Payment authorization failures give merchants such a headache, costing them loyal customers and $600 billion in revenue. It’s not a problem easily solved, because merchants have only limited control over authorization decisions. The vast majority of declines are made by card issuers and payment gateways. Merchants have a difficult time understanding the root of the problem because payment decline codes are too vague to be of any value. In this piece, we’ll address what payment decline codes mean, why payments get declined, and what merchants can do about it. 

Deciphering Payment Decline Codes

When a shopper pays with a credit card online, there is a lot happening in the background within milliseconds to authenticate and authorize the transaction. The issuing bank will review the card’s validity and ensure the cardholder has enough funds to make the payment. After the transaction has gone through the entire authorization process, merchants receive a standardized response through the gateway alerting them that the decision was either “authorized/approved’ or “blocked/declined.” This happens before merchants even get a chance to review it for fraud. Many eCommerce orders that fraud teams would have reviewed and approved post-authorization get declined during this process. 

Besides an authorization decision, merchants will usually receive a decline code. However, Riskified found that about 70% of the time, the decline code provided by the declining entity is generic and provides no reason for the decision to not authorize payment. Issuing banks might be purposely vague about a decision to protect cardholder privacy or ensure their authorization algorithms remain secret. To prevent fraudsters from learning how to ‘game the system’, suspected fraud declines might come with a generic message such as “transaction not allowed”. 

Why Payments Get Declined

There are multiple reasons why a card has failed authorization, but merchants will not always get clear or accurate information from the codes. A ProfitWell study from 2019 found that roughly 25% of decline codes are incorrect or misidentify the primary reason for the decline decision. Here are the main reason that payments get declined by issuers and gateways:

Insufficient funds: This is one of the most obvious causes for decline, and may be the result of a cardholder spending more than they realized.  

Incorrect card details: Customers that use an expired card, or misenter their CVV2 code or credit card number will typically get declined. 

New geographical location: Banks assume that purchases made outside of the cardholder’s usual geographic region are fraudulent if the customer doesn’t alert the bank before traveling. While this is an outdated practice, it can still occur.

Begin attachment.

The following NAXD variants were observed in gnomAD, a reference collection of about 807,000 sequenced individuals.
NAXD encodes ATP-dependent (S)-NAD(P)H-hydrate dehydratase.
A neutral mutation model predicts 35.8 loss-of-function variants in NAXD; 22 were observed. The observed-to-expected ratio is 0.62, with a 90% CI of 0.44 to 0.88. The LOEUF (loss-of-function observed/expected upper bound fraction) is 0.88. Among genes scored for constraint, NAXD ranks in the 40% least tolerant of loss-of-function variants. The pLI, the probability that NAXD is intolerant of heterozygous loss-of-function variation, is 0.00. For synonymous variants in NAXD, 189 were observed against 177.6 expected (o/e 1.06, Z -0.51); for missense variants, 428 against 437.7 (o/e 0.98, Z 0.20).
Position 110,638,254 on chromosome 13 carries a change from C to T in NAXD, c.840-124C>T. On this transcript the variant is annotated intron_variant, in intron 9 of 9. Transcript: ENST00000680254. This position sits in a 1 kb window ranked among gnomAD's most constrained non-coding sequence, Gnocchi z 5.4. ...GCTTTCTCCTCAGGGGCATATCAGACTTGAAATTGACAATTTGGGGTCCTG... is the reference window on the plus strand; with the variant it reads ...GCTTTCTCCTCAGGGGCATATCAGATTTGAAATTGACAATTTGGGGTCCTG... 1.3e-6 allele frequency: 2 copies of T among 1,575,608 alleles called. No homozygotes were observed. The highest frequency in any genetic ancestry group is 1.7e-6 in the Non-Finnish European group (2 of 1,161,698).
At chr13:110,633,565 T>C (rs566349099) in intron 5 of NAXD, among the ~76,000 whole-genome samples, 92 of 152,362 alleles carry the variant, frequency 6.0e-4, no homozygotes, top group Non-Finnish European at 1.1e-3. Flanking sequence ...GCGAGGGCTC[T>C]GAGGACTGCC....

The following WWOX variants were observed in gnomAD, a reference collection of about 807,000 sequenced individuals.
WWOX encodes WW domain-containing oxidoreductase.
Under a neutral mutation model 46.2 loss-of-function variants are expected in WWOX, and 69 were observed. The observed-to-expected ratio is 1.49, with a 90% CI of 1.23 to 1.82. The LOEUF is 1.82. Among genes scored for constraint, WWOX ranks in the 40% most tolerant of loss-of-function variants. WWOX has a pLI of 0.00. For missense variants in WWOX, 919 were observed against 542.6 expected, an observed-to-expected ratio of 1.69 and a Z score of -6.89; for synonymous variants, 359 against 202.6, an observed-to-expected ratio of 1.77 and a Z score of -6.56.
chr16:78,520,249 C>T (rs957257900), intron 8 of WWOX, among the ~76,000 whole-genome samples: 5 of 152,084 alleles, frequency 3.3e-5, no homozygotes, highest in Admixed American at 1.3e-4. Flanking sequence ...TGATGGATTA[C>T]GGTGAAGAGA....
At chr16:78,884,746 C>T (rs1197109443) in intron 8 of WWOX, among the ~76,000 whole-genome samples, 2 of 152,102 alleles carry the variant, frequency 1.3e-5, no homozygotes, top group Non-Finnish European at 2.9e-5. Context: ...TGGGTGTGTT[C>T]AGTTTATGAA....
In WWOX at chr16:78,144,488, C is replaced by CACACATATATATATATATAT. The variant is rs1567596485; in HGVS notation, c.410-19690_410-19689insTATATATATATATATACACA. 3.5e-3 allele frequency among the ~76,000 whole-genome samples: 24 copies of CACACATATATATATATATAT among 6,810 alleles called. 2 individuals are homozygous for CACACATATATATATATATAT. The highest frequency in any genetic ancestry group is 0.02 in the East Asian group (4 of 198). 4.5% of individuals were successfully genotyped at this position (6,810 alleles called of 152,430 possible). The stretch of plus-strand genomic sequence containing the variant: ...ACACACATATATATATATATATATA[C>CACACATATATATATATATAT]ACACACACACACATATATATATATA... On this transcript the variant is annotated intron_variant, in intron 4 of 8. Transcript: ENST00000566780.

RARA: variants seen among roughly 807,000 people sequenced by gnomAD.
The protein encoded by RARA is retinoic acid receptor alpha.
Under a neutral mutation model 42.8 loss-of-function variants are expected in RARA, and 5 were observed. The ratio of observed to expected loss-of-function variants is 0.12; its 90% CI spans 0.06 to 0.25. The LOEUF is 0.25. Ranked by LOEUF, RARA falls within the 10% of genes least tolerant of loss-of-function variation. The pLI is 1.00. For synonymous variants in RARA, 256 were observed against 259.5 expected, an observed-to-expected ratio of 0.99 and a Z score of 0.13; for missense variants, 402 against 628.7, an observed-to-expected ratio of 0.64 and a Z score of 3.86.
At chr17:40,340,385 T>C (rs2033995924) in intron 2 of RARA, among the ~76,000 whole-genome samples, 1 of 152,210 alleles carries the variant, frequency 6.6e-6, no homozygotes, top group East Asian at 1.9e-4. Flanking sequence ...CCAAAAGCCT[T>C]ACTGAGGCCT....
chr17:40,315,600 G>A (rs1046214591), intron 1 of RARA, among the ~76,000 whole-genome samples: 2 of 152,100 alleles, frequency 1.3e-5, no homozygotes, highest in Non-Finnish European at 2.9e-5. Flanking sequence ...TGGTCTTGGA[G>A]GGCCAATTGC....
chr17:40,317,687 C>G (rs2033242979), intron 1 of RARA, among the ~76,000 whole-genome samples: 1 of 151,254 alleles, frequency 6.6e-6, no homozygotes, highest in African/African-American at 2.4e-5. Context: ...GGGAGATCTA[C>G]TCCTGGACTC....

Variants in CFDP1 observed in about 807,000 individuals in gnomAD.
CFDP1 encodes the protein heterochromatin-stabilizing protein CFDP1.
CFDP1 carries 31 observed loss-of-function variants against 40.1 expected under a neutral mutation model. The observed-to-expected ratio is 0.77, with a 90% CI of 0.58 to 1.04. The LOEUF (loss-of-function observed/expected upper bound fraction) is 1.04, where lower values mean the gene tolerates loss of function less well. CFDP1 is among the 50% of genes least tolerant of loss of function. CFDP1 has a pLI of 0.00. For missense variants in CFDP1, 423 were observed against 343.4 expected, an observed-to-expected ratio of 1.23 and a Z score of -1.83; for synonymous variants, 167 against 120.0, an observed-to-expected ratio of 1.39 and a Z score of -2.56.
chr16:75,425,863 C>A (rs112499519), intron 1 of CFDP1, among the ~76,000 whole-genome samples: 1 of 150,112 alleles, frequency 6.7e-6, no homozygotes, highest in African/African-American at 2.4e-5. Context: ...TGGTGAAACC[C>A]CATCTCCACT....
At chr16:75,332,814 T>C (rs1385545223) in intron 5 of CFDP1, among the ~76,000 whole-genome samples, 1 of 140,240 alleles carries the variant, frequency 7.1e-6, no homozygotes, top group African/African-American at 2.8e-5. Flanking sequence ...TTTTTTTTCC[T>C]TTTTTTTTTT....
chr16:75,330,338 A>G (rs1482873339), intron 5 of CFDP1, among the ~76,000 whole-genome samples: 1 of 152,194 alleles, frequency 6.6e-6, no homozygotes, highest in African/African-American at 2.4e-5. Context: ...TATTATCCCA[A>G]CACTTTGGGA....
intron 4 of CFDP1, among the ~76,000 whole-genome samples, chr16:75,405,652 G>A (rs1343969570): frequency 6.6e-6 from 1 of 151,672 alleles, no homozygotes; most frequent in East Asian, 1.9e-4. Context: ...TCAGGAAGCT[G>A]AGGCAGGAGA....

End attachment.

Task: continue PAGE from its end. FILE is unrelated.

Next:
Suspected fraud attempt: Gateways and banks will decline if the purchase seems out of character for the card in question, whether it be a first time online purchase (which was common in 2020 due to the pandemic) or an unusually big ticketed item. The gateway will also decline the card if the issuing bank placed the card on hold due to suspicious activity; a reason the merchant and the cardholder may not understand until much later on. 

As stated earlier, most of these reasons could have been approved by a fraud review team but they never get the chance to. When the payment fails, the consumer is unable to obtain their product, and so the merchant loses both the sale and the customer’s loyalty even though it was beyond their control. Unfortunately, when a customer gets declined, the majority will blame the merchant, not the issuer who is enforcing the decline decision.

What Merchants Can Do

Merchants are usually at the mercy of payment gateways and issuing banks when it comes to payment declines. One option available to merchants is to disable gateway-level filters, and opt to conduct fraud review internally or with a third party fraud solution. However, most declines come from issuing banks, and within that black box of a process, there is little that merchants have been able to do to overcome these decline hurdles. 

Enter Deco, a real-time recovery tool for revenue lost to payment authorization failures. Deco is a solution offered to eligible shoppers immediately following an authorization failure, as a way to complete their purchase. Good customers are offered the choice to address the decline, take action, and complete the transaction, all with minimal friction. Deco is the only recourse that merchants have to overturn bank or gateway decline decisions. Get in touch with our team to immediately convert 10-20% of failed payments into revenue generating approvals.